E3: Retail Rituals

15 07 2008

E3 is now in full effect, which actually means reduced effect since it’s been shrinking for the past few years. So far, this quote is by far the most interesting thing:

“Science is a really powerful brand that no other entertainment property is trying to grab,” said Wright, after complaining that modern chemistry sets “are so nerfed that you could probably eat all the stuff and it wouldn’t make you feel sick”.

It is of course Will Wright talking about Spore, and he’s correct. Spore isn’t exactly going to teach hard science, but it’s based on extensive reading of it, and one of the first things in years to sex it up a little.

Will also claims that Spore now has more species than Earth, but that’s no doubt a bit of PR spin: while about 1.75 million species have been catalogued, estimates range from 5 – 30 million (source).

(Edit: Rock, Paper, Shotgun point to a video of Will’s talk. He spoke accurately on numbers of known species, but it was misreported as all species. The talk is well worth a watch, and only a few minutes long).

Announcements are starting to trickle out, with Nintendo upgrading the Wiimote, and Microsoft announcing avatars and an all round spruce up for XBox Live. Nothing seems to have come from Sony yet.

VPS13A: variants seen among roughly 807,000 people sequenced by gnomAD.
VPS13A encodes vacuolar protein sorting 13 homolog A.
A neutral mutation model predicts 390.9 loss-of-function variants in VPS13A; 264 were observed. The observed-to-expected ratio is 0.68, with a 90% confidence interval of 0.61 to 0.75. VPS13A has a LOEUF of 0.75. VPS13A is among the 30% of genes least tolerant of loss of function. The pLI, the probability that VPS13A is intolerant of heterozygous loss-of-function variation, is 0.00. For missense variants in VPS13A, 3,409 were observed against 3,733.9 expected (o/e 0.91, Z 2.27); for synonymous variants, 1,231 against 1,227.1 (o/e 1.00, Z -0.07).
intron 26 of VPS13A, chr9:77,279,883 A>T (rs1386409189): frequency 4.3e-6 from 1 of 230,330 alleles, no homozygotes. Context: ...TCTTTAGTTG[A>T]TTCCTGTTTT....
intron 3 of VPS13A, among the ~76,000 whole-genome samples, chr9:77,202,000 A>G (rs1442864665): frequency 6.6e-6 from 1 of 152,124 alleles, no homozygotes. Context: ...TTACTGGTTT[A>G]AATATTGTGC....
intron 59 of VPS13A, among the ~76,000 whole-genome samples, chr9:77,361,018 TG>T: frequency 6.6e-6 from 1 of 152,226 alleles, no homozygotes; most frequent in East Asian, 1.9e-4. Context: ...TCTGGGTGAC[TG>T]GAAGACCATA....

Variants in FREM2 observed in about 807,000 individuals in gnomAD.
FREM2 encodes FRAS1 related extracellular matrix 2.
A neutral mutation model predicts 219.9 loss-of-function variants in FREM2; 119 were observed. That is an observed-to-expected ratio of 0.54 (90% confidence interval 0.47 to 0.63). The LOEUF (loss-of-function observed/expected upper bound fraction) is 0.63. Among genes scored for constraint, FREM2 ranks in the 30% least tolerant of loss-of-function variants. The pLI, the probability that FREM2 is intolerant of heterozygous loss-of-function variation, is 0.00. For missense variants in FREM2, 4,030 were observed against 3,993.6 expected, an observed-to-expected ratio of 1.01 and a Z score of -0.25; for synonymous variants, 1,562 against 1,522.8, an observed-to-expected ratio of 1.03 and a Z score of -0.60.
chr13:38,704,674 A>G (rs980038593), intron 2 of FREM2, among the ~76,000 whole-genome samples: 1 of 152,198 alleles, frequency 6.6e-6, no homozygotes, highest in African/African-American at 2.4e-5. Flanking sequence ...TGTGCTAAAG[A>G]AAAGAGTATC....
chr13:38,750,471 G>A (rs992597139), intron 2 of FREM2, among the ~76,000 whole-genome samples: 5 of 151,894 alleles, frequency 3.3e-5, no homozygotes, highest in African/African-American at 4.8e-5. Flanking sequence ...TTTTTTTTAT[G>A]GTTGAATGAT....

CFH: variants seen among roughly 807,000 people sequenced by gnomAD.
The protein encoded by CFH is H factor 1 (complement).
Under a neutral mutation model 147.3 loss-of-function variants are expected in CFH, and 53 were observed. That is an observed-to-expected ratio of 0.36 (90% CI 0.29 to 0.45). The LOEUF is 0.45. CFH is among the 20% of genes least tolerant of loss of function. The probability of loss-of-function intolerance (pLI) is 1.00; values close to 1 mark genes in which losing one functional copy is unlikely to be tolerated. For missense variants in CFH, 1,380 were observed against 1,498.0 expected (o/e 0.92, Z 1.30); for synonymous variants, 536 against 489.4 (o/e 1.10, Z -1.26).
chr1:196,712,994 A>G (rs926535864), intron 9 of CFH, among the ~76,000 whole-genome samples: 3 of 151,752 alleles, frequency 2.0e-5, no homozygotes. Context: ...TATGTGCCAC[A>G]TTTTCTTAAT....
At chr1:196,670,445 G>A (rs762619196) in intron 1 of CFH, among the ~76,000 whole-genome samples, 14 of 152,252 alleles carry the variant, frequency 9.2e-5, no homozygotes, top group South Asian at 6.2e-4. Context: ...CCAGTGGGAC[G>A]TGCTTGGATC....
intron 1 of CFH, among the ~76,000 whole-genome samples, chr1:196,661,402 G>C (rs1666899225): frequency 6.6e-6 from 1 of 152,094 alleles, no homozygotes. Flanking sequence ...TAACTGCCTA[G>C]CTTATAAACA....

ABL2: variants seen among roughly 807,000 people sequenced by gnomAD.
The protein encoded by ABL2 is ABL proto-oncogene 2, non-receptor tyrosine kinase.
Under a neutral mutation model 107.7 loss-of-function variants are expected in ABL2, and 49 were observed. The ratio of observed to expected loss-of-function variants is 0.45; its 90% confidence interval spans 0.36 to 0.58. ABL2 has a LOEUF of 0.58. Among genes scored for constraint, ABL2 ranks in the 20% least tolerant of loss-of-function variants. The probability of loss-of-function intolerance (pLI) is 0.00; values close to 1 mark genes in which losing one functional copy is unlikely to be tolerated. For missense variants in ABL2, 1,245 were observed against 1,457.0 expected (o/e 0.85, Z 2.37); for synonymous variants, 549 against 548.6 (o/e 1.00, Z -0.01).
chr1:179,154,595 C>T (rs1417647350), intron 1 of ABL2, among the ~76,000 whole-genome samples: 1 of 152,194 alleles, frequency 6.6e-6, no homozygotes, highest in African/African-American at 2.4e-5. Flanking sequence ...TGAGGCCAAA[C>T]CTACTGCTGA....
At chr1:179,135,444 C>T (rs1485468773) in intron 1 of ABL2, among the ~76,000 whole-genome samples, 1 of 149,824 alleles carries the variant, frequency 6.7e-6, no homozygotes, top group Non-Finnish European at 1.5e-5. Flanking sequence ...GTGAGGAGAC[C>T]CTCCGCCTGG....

Most of the content from E3 each year seems a little tepid, yet the event itself has legendary status in the games industry, outside of any big announcements. Developers and journalists we’ve known have studied the event itself rather than the content, with the massive sensory overload leading Idle Thumbs to refer to it as “the balls kneeing robot”. That’s a pretty big contrast to GDC, which is still overwhelming, but the people there are very focused on the content and each other.

I think Tadhgk Kelly nails it at his blog:

It strikes me that if you’re going to do the conference thing then surely the thing to learn is some stagecraft? Don’t put the timid exec on stage if he’s not good in front of a crowd, for instance. Find someone to do it for you with confidence, even a celebrity if you have to. Don’t talk about how exciting things are: show how exciting they are. Don’t trot out lists of features as a replacement for content. In the end of the day, there are better ways to present this stuff but ultimately what it comes down to is charisma, and most of these people doing the conferences are no doubt very talented at their jobs but they comes across as nerds talking about their science project at the head of a bored class on a hot summer’s day. “Exciting!”

A lot of conferences have some pretty unsavoury characteristics, and that may just well be a consequence of gathering many people together in one location, but there are certainly a lot of tricks that game developers are missing when it comes to presentation.

(CC image: Willi_Hybrid)

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